From a talk delivered at Luther College, University of Regina, in May 2011, during the Year of India in Canada. Ven Begamudré spoke about his personal health issues and their connection to his family history.
I turned fifty-five on March 13, the same day as Donald Duck. I kid you not. He’s older. I’m a senior and I’m okay… A week later I spent seven hours at Emergency while the doctor on call treated more serious cases; then he finally ordered blood tests and a CT scan for me. Just below the belt. I didn’t mind waiting because I kept dozing off. Plus, when I had the chance, I kibitzed with Nurse Joanne and her colleague, Nurse Cathy. Finally the scan revealed that, yes, I was trying to pass a kidney stone all of 2 millimetres long—just long enough to cause anyone a lot of pain. Finally, they put morphine into my saline IV drip. This is still my favourite cocktail: fifty milligrams of Gravol followed by anywhere from five to ten to fifteen cc’s of morphine. Heck, when you’re travelling to the edge of the universe and back, who needs cable TV?
Flashback to three Christmases ago—to December 2007, when I flew home to spend Christmas Day and Boxing Day with close friends. I’d been teaching creative writing at Iowa State University and here, back in Regina, I visited three doctors in four days. The diagnoses came one on top of another: one, two, three.
First, I had developed type 2 diabetes, which is not dependent on insulin. So this was why I’d kept drinking so much water. While preparing for class in my furnished apartment, with its forced-air heating. While leading my workshops the way I do now: pacing in front of the blackboard. I call these talks “chats”—these mini-lectures that can last up to twenty minutes. And most of them are off-the-cuff.
Second, it wasn’t my imagination, after all; I really was developing a memory problem. Not to worry, though; it’s not early onset dementia. I know because my psychiatrist at the time, who happened to be Muslim, gave me fairly simple tests. Most of which I failed.
What I have is a specific challenge called Benign Memory Loss, which means that I can remember what I’m doing today, half of what I did yesterday, and nothing at all for the weeks that came before this one. But my long-term memory is quite good and, well, look on the bright side: I get most of my movies on DVD from the public library. Six months later I can watch the same movie and it’s still brand new to me. Clouds, don’t you know? Silver linings, too.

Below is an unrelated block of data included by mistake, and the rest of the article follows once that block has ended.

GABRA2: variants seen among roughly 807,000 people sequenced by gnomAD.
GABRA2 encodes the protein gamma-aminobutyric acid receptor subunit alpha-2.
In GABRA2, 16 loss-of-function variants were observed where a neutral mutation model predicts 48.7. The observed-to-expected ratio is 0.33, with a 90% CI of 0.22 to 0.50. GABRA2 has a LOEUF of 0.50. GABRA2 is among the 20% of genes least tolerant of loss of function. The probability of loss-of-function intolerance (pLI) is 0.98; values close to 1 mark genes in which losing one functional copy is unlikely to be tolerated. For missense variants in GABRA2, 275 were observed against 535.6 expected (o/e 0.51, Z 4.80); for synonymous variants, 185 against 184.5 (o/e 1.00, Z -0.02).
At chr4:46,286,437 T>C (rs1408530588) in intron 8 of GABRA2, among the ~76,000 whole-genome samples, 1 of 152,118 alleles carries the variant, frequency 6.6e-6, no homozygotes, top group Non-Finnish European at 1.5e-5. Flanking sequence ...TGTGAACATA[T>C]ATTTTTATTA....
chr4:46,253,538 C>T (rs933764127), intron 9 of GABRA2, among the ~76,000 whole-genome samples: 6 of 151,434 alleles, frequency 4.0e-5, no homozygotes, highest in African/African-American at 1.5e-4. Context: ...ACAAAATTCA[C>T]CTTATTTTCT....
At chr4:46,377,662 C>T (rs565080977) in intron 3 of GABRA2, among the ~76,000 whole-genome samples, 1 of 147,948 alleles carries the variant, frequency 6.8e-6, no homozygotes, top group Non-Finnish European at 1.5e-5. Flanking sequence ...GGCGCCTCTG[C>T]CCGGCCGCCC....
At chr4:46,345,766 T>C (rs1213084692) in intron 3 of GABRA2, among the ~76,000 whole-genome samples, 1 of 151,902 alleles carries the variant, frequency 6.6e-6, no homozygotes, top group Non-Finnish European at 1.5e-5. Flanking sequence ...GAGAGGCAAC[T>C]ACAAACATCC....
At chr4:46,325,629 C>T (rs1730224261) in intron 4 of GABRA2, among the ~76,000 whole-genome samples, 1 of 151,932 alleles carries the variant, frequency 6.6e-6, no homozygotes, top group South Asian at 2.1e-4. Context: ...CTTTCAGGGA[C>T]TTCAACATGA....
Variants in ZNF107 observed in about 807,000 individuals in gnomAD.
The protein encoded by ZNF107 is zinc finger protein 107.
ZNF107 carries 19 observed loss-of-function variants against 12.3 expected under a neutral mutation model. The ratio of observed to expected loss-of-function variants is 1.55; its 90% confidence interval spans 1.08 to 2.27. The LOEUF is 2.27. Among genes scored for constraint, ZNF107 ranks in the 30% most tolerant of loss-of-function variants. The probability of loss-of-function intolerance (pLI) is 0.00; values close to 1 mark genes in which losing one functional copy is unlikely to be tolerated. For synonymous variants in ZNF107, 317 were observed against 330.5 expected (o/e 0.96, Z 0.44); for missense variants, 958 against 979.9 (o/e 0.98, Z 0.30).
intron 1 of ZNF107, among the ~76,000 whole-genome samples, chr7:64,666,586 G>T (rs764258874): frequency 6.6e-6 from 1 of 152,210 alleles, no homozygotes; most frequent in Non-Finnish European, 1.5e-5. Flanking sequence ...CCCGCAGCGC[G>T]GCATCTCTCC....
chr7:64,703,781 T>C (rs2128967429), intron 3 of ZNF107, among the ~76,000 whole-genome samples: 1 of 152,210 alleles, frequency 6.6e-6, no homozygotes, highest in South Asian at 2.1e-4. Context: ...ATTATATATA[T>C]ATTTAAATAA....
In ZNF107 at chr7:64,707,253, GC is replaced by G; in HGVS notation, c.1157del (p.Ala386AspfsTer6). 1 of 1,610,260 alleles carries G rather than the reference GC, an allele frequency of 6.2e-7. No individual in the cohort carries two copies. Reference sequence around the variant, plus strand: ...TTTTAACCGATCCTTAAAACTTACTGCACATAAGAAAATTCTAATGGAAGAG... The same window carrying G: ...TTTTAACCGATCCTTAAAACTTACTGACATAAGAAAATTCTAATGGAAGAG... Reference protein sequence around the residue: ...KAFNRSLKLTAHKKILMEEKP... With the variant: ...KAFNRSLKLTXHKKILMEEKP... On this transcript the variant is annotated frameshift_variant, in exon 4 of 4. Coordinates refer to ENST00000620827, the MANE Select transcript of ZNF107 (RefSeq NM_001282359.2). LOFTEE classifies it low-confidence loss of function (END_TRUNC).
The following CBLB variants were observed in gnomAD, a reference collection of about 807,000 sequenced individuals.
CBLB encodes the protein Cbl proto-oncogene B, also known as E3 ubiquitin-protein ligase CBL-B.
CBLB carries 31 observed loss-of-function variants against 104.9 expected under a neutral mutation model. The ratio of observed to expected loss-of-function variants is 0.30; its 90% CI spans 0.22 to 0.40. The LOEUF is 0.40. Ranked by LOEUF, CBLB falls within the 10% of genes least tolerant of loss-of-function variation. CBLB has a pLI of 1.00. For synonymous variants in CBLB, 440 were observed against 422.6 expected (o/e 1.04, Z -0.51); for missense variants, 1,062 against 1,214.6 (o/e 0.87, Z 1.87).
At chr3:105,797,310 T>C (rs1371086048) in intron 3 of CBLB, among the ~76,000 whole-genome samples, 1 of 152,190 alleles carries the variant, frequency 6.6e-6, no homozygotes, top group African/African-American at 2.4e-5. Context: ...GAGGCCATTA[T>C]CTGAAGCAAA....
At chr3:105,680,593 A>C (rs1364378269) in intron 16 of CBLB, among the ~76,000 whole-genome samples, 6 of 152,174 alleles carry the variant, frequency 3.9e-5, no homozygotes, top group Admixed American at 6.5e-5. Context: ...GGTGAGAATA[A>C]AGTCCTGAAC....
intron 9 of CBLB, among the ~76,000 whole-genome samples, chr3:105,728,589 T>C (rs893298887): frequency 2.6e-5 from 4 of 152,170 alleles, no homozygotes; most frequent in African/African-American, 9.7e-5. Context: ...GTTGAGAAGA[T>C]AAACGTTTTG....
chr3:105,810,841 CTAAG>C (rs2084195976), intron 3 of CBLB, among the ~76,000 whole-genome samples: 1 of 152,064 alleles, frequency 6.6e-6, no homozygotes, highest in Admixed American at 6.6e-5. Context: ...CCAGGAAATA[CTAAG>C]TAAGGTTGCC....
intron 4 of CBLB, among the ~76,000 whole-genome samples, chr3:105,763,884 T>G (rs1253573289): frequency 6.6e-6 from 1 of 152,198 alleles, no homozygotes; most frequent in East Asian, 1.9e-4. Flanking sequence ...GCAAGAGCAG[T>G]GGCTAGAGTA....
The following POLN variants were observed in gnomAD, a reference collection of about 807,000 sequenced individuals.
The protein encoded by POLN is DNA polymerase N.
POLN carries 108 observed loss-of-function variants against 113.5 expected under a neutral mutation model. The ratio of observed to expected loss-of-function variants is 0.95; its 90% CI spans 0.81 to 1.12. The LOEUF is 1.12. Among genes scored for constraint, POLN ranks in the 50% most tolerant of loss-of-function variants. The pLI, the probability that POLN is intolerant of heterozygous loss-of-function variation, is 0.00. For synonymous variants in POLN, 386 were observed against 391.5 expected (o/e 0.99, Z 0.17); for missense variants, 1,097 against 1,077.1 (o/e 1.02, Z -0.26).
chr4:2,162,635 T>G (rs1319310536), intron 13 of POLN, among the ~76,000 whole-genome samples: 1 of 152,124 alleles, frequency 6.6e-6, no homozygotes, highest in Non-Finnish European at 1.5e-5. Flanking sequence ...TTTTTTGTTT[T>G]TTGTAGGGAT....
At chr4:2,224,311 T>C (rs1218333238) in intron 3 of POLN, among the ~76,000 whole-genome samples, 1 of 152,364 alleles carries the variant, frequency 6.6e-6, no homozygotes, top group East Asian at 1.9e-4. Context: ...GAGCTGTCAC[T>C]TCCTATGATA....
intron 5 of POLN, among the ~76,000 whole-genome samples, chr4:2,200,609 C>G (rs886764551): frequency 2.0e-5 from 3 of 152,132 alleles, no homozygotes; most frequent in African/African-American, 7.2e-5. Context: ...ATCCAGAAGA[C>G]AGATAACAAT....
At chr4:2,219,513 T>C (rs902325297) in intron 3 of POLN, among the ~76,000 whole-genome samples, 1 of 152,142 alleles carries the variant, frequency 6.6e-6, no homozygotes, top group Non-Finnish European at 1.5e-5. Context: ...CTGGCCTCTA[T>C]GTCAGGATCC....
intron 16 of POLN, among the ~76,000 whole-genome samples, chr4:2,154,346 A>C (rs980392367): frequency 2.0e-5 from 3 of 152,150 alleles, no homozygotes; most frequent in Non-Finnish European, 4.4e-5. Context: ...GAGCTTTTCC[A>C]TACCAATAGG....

Don’t ask me why it’s called Benign Memory Loss. I know that if I do something silly like try to fit a milk carton onto the pantry shelf where the boxes of tea sit, if I try to do this and can laugh about it within fifteen minutes, then all is right with the world. My world now. You can see why I gladly gave up driving. True, left turns can be tricky, but when right turns became just as tricky—and when I finally noticed that a baby boom was underway—I gladly handed over the keys to my new used car. This was nearly sixteen months ago now, in the deep freeze of a Regina winter.
At the latest Writers’ Guild Christmas come-and-go someone asked me, “What do retired writers do?” “We read,” I said. But life is never this simple. Last year I spent eight months teaching myself to read complex material again. I started with illustrated non-fiction books from the children’s library; to these I added graphic novels, which depend so closely on the relationship between visuals and text; then I added poetry and fiction—like Rumer Godden’s 1945 novel Take Three Tenses: A Fugue in Time. Margaret Rumer Godden, the English writer who’s probably best known for her novel The River.
So this is the prime of life, prelude to the Golden Years. Freedom Fifty-five. Talk about false advertising. Still, just as we decide what kind of writer we’re going to be, then we reap the benefits and pay the price—so we often face the question of what kind of life we’re going to lead. Then we reap the benefits and pay the price.